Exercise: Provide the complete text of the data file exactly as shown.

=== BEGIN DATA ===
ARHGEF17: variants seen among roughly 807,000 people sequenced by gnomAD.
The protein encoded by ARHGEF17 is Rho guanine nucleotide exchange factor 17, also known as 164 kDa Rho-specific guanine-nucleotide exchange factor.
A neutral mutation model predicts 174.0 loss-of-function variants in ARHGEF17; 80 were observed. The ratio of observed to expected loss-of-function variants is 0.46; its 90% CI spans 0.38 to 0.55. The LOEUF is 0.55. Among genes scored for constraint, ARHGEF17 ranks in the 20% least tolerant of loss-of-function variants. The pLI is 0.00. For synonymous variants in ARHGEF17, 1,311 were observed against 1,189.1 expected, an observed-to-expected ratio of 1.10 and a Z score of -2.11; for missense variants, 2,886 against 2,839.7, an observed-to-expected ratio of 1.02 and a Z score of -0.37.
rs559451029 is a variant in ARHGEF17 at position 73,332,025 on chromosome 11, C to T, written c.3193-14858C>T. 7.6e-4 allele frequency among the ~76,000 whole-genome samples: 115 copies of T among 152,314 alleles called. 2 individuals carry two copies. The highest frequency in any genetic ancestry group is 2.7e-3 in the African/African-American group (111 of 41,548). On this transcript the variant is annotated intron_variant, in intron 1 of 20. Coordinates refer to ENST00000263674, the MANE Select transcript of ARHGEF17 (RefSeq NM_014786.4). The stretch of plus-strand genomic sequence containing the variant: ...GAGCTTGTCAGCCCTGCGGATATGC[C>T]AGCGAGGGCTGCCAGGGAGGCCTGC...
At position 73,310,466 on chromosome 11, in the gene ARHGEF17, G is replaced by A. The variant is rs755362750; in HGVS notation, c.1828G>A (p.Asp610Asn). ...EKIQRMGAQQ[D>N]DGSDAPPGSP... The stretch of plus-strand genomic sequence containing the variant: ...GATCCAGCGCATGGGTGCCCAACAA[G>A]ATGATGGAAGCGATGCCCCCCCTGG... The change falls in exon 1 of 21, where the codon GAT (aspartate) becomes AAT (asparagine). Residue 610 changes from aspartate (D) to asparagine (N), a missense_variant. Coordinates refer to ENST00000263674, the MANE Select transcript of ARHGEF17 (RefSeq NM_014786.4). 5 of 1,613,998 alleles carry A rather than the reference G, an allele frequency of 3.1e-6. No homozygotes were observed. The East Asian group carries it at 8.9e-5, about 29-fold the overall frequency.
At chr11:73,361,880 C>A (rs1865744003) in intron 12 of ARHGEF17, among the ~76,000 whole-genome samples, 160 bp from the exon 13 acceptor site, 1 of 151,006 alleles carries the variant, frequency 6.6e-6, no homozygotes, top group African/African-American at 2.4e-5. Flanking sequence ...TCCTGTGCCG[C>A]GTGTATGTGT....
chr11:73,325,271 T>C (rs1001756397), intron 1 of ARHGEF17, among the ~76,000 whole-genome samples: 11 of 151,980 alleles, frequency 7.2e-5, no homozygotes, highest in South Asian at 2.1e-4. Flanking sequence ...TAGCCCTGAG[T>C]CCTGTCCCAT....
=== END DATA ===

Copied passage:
ARHGEF17: variants seen among roughly 807,000 people sequenced by gnomAD.
The protein encoded by ARHGEF17 is Rho guanine nucleotide exchange factor 17, also known as 164 kDa Rho-specific guanine-nucleotide exchange factor.
A neutral mutation model predicts 174.0 loss-of-function variants in ARHGEF17; 80 were observed. The ratio of observed to expected loss-of-function variants is 0.46; its 90% CI spans 0.38 to 0.55. The LOEUF is 0.55. Among genes scored for constraint, ARHGEF17 ranks in the 20% least tolerant of loss-of-function variants. The pLI is 0.00. For synonymous variants in ARHGEF17, 1,311 were observed against 1,189.1 expected, an observed-to-expected ratio of 1.10 and a Z score of -2.11; for missense variants, 2,886 against 2,839.7, an observed-to-expected ratio of 1.02 and a Z score of -0.37.
rs559451029 is a variant in ARHGEF17 at position 73,332,025 on chromosome 11, C to T, written c.3193-14858C>T. 7.6e-4 allele frequency among the ~76,000 whole-genome samples: 115 copies of T among 152,314 alleles called. 2 individuals carry two copies. The highest frequency in any genetic ancestry group is 2.7e-3 in the African/African-American group (111 of 41,548). On this transcript the variant is annotated intron_variant, in intron 1 of 20. Coordinates refer to ENST00000263674, the MANE Select transcript of ARHGEF17 (RefSeq NM_014786.4). The stretch of plus-strand genomic sequence containing the variant: ...GAGCTTGTCAGCCCTGCGGATATGC[C>T]AGCGAGGGCTGCCAGGGAGGCCTGC...
At position 73,310,466 on chromosome 11, in the gene ARHGEF17, G is replaced by A. The variant is rs755362750; in HGVS notation, c.1828G>A (p.Asp610Asn). ...EKIQRMGAQQ[D>N]DGSDAPPGSP... The stretch of plus-strand genomic sequence containing the variant: ...GATCCAGCGCATGGGTGCCCAACAA[G>A]ATGATGGAAGCGATGCCCCCCCTGG... The change falls in exon 1 of 21, where the codon GAT (aspartate) becomes AAT (asparagine). Residue 610 changes from aspartate (D) to asparagine (N), a missense_variant. Coordinates refer to ENST00000263674, the MANE Select transcript of ARHGEF17 (RefSeq NM_014786.4). 5 of 1,613,998 alleles carry A rather than the reference G, an allele frequency of 3.1e-6. No homozygotes were observed. The East Asian group carries it at 8.9e-5, about 29-fold the overall frequency.
At chr11:73,361,880 C>A (rs1865744003) in intron 12 of ARHGEF17, among the ~76,000 whole-genome samples, 160 bp from the exon 13 acceptor site, 1 of 151,006 alleles carries the variant, frequency 6.6e-6, no homozygotes, top group African/African-American at 2.4e-5. Flanking sequence ...TCCTGTGCCG[C>A]GTGTATGTGT....
chr11:73,325,271 T>C (rs1001756397), intron 1 of ARHGEF17, among the ~76,000 whole-genome samples: 11 of 151,980 alleles, frequency 7.2e-5, no homozygotes, highest in South Asian at 2.1e-4. Flanking sequence ...TAGCCCTGAG[T>C]CCTGTCCCAT....